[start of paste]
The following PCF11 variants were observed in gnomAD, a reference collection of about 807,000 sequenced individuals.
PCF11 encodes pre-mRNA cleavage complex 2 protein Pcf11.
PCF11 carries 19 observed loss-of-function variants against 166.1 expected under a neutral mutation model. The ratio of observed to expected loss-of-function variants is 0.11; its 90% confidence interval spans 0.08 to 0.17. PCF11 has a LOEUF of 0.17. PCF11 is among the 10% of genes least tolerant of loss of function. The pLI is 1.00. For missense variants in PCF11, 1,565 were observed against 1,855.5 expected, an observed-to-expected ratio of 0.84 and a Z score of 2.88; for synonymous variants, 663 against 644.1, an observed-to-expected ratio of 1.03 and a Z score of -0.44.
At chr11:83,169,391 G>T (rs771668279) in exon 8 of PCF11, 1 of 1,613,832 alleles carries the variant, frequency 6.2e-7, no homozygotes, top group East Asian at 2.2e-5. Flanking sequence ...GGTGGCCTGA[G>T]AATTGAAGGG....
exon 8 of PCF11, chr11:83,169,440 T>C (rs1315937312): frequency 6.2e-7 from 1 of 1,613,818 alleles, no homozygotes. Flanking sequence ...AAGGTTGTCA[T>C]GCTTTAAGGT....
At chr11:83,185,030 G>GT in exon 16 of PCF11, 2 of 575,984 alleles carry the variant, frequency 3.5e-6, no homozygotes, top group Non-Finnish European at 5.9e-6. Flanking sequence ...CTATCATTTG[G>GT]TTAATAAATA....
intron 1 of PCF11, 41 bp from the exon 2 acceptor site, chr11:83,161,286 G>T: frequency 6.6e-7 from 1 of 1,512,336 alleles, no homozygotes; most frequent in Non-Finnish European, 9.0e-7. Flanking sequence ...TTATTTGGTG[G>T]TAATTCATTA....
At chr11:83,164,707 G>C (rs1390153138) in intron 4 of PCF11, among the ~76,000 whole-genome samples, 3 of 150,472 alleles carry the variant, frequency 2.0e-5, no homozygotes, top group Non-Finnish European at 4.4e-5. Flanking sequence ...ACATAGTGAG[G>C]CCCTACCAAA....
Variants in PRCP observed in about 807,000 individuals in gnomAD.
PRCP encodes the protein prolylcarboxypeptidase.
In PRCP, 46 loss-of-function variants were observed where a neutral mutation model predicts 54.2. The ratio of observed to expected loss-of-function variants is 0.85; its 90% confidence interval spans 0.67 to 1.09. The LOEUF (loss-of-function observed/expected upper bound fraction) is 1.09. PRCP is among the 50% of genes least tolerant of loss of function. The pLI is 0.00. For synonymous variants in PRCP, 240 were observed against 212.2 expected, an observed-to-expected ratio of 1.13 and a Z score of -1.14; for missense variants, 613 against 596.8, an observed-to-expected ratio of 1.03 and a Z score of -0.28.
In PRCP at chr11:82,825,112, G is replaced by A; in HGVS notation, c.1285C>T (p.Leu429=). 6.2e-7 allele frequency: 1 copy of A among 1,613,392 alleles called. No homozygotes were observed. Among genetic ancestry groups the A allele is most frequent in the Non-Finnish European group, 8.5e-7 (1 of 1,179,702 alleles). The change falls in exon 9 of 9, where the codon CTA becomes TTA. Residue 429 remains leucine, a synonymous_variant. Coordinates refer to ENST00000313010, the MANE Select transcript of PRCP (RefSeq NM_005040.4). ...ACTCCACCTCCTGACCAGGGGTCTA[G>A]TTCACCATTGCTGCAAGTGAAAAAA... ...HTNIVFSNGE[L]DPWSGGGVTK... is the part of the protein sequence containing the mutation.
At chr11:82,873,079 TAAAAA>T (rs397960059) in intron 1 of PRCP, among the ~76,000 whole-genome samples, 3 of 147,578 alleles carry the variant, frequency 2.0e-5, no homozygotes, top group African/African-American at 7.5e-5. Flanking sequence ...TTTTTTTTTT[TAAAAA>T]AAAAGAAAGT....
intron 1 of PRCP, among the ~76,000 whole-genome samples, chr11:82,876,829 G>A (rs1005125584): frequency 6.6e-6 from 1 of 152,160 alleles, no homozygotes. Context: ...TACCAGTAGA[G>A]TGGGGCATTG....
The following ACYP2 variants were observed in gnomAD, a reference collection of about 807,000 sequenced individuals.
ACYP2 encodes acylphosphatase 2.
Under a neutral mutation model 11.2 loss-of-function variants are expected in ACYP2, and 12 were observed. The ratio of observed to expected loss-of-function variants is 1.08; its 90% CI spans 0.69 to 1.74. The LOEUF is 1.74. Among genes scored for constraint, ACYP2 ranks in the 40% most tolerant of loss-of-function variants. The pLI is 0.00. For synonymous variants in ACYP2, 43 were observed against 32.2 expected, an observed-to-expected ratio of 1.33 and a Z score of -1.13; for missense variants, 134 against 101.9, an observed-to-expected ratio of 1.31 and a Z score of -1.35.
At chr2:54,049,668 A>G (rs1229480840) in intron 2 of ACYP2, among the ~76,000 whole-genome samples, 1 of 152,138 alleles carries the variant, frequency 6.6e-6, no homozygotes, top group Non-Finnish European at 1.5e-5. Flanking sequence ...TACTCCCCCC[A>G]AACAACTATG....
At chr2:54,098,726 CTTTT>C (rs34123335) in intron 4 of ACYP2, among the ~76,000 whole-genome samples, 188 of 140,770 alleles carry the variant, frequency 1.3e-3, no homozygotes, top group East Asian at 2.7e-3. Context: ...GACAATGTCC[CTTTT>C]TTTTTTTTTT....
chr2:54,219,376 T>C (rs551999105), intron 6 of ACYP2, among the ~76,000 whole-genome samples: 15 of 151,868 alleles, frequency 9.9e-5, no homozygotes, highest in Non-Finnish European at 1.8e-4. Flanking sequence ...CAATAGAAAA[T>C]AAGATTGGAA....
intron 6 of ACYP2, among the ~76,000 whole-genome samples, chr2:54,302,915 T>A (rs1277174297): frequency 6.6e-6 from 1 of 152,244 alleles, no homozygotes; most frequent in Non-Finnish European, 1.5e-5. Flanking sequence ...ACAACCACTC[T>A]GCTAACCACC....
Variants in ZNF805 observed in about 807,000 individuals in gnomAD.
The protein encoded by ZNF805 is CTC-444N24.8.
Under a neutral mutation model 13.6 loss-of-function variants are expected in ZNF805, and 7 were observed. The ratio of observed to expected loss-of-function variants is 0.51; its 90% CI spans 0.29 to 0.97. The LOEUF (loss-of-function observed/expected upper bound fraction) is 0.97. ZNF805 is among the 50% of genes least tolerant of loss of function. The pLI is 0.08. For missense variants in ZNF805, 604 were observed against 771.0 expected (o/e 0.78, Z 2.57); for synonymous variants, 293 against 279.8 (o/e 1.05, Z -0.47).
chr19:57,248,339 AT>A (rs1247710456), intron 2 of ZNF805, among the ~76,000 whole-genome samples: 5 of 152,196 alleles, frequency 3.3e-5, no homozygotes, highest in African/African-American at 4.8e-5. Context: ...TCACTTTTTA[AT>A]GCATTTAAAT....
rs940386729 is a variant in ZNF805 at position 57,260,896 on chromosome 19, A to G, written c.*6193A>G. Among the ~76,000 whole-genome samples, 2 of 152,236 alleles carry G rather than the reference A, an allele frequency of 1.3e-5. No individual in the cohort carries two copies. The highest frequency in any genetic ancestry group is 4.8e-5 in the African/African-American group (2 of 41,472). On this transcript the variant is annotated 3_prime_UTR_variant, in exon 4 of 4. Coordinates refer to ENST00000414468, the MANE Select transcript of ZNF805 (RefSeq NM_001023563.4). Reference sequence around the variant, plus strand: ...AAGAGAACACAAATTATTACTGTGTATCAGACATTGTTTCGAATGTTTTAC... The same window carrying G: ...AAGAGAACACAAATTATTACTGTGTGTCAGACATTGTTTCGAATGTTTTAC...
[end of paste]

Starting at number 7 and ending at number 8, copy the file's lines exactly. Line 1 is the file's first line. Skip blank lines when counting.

intron 1 of PCF11, 41 bp from the exon 2 acceptor site, chr11:83,161,286 G>T: frequency 6.6e-7 from 1 of 1,512,336 alleles, no homozygotes; most frequent in Non-Finnish European, 9.0e-7. Flanking sequence ...TTATTTGGTG[G>T]TAATTCATTA....
At chr11:83,164,707 G>C (rs1390153138) in intron 4 of PCF11, among the ~76,000 whole-genome samples, 3 of 150,472 alleles carry the variant, frequency 2.0e-5, no homozygotes, top group Non-Finnish European at 4.4e-5. Flanking sequence ...ACATAGTGAG[G>C]CCCTACCAAA....